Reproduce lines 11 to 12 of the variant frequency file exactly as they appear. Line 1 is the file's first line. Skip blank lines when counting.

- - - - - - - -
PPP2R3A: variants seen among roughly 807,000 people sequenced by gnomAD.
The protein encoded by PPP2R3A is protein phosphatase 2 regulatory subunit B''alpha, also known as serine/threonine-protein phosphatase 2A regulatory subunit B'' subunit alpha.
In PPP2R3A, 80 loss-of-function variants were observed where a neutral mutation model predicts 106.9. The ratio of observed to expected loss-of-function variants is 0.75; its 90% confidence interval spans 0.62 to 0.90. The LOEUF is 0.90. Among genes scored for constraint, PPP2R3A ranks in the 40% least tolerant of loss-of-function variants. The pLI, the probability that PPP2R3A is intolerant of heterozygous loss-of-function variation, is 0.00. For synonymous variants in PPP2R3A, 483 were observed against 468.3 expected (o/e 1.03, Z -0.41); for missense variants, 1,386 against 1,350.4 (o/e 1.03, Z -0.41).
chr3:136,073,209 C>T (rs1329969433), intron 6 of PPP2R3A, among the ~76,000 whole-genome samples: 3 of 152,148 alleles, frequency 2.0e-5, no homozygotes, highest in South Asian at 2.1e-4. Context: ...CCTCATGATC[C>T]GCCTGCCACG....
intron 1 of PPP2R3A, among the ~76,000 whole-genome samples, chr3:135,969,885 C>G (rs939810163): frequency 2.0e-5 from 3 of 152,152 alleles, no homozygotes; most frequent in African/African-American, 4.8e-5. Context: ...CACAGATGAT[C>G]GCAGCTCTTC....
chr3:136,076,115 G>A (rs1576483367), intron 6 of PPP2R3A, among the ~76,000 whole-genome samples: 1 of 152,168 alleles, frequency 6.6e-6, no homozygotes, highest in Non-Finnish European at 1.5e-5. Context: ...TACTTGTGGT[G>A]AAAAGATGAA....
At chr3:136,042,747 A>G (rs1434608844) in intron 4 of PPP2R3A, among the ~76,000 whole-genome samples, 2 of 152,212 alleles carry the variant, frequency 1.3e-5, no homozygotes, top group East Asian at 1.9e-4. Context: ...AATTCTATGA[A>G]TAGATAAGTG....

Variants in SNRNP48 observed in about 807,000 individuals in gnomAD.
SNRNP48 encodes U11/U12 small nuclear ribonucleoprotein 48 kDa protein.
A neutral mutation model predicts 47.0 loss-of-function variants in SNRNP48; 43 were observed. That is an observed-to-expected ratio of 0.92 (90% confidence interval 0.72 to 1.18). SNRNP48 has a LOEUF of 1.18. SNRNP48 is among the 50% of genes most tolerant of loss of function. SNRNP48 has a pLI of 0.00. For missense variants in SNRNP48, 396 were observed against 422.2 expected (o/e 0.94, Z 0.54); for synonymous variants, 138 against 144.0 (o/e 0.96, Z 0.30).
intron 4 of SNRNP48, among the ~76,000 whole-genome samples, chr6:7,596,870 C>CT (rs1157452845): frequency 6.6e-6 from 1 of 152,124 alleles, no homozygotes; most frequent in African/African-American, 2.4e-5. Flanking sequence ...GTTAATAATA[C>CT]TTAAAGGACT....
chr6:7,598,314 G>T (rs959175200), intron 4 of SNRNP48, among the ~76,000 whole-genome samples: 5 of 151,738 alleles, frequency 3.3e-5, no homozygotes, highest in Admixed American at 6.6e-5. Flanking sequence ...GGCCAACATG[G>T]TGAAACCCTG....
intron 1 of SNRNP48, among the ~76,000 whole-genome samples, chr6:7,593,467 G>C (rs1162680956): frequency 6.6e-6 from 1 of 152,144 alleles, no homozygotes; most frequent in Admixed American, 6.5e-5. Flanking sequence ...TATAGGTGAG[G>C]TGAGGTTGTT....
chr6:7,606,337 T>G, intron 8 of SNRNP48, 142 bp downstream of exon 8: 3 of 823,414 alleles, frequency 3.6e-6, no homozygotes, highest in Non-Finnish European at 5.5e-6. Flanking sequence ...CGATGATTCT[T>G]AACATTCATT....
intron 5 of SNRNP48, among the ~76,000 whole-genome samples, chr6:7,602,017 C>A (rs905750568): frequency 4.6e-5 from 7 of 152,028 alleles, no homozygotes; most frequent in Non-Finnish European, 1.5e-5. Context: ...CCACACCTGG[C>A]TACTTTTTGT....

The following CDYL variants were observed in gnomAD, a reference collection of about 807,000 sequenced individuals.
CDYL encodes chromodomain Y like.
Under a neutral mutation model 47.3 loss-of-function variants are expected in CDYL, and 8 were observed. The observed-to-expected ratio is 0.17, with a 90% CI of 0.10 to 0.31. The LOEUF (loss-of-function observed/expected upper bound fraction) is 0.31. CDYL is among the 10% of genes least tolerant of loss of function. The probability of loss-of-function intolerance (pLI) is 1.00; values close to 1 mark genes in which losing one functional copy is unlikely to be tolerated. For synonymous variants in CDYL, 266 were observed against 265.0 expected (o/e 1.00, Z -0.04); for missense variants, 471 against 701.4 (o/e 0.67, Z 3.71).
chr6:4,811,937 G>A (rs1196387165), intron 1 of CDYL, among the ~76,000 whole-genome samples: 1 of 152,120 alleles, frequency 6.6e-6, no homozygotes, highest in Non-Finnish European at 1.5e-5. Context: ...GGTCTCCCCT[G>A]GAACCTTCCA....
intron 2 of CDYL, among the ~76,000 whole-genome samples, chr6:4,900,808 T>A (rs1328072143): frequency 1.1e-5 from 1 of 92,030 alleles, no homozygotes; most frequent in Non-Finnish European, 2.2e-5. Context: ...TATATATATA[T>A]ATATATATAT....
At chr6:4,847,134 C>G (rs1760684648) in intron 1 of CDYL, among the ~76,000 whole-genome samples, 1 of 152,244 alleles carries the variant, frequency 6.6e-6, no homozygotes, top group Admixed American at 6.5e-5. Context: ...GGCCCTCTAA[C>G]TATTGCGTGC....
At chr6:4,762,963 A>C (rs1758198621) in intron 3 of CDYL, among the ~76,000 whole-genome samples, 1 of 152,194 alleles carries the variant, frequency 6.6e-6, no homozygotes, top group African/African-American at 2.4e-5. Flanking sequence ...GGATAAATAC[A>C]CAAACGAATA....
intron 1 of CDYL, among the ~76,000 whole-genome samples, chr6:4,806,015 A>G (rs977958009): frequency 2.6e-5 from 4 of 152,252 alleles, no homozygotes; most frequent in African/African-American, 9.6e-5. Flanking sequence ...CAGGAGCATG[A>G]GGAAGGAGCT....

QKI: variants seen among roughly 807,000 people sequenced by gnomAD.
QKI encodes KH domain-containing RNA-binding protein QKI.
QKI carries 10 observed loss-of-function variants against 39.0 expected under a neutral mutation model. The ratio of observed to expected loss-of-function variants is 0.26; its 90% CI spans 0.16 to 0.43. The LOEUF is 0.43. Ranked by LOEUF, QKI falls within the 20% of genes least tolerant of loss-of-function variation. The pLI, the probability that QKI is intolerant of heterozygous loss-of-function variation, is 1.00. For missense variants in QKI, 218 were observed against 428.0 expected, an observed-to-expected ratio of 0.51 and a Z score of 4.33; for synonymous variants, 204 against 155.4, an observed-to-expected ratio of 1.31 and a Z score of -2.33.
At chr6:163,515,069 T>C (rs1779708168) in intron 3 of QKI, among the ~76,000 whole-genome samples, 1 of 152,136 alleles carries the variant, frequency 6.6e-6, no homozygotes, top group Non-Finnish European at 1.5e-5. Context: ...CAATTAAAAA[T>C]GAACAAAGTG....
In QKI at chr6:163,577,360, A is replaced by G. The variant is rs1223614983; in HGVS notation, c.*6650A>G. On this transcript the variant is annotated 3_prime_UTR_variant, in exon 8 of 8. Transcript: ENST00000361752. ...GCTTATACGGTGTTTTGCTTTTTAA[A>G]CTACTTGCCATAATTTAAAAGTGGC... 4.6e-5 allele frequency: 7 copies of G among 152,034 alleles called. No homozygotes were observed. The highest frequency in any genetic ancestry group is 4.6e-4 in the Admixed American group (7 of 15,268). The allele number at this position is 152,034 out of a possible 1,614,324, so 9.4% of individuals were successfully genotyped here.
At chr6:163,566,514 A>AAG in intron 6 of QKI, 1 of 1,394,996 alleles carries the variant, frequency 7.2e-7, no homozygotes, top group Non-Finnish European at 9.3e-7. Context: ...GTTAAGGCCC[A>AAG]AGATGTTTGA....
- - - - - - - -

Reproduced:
intron 4 of SNRNP48, among the ~76,000 whole-genome samples, chr6:7,596,870 C>CT (rs1157452845): frequency 6.6e-6 from 1 of 152,124 alleles, no homozygotes; most frequent in African/African-American, 2.4e-5. Flanking sequence ...GTTAATAATA[C>CT]TTAAAGGACT....
chr6:7,598,314 G>T (rs959175200), intron 4 of SNRNP48, among the ~76,000 whole-genome samples: 5 of 151,738 alleles, frequency 3.3e-5, no homozygotes, highest in Admixed American at 6.6e-5. Flanking sequence ...GGCCAACATG[G>T]TGAAACCCTG....